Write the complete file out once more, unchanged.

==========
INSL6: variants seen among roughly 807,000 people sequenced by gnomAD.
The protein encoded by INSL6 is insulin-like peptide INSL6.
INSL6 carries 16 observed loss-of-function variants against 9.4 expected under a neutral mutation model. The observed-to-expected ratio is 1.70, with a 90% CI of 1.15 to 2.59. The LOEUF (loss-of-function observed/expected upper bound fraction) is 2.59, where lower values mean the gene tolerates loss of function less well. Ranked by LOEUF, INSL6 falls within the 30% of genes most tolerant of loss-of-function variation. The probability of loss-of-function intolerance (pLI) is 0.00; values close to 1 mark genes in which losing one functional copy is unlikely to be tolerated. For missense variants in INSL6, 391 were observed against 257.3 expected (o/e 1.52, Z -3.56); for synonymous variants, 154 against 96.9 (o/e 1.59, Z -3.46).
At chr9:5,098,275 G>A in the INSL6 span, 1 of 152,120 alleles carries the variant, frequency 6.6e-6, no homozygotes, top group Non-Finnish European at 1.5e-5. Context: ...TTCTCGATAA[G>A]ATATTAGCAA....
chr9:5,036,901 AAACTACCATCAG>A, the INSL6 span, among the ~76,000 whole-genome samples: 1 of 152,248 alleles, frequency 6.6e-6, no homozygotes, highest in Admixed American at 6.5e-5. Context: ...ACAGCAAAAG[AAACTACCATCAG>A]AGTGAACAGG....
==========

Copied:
INSL6: variants seen among roughly 807,000 people sequenced by gnomAD.
The protein encoded by INSL6 is insulin-like peptide INSL6.
INSL6 carries 16 observed loss-of-function variants against 9.4 expected under a neutral mutation model. The observed-to-expected ratio is 1.70, with a 90% CI of 1.15 to 2.59. The LOEUF (loss-of-function observed/expected upper bound fraction) is 2.59, where lower values mean the gene tolerates loss of function less well. Ranked by LOEUF, INSL6 falls within the 30% of genes most tolerant of loss-of-function variation. The probability of loss-of-function intolerance (pLI) is 0.00; values close to 1 mark genes in which losing one functional copy is unlikely to be tolerated. For missense variants in INSL6, 391 were observed against 257.3 expected (o/e 1.52, Z -3.56); for synonymous variants, 154 against 96.9 (o/e 1.59, Z -3.46).
At chr9:5,098,275 G>A in the INSL6 span, 1 of 152,120 alleles carries the variant, frequency 6.6e-6, no homozygotes, top group Non-Finnish European at 1.5e-5. Context: ...TTCTCGATAA[G>A]ATATTAGCAA....
chr9:5,036,901 AAACTACCATCAG>A, the INSL6 span, among the ~76,000 whole-genome samples: 1 of 152,248 alleles, frequency 6.6e-6, no homozygotes, highest in Admixed American at 6.5e-5. Context: ...ACAGCAAAAG[AAACTACCATCAG>A]AGTGAACAGG....